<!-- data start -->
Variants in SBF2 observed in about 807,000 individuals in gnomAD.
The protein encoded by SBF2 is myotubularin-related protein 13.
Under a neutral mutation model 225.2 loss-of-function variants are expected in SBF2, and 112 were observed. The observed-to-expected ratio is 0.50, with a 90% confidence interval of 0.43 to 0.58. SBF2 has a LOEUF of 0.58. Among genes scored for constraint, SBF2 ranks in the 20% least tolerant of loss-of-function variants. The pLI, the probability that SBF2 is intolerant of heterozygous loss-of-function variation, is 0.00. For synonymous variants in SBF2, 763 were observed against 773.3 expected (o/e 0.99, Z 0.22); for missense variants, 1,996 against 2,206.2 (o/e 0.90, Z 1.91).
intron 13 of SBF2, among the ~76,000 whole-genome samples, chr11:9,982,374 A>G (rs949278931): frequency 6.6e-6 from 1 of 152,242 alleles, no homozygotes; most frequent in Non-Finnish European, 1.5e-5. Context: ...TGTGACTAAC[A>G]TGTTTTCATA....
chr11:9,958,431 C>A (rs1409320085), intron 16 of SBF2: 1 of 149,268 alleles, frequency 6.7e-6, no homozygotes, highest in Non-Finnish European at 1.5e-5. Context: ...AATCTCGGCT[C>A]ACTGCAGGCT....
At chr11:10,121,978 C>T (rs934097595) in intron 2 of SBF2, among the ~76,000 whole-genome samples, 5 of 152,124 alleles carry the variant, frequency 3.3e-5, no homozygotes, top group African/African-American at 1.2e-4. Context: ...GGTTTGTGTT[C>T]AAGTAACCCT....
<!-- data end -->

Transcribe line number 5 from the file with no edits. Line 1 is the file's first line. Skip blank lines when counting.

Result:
chr11:9,958,431 C>A (rs1409320085), intron 16 of SBF2: 1 of 149,268 alleles, frequency 6.7e-6, no homozygotes, highest in Non-Finnish European at 1.5e-5. Context: ...AATCTCGGCT[C>A]ACTGCAGGCT....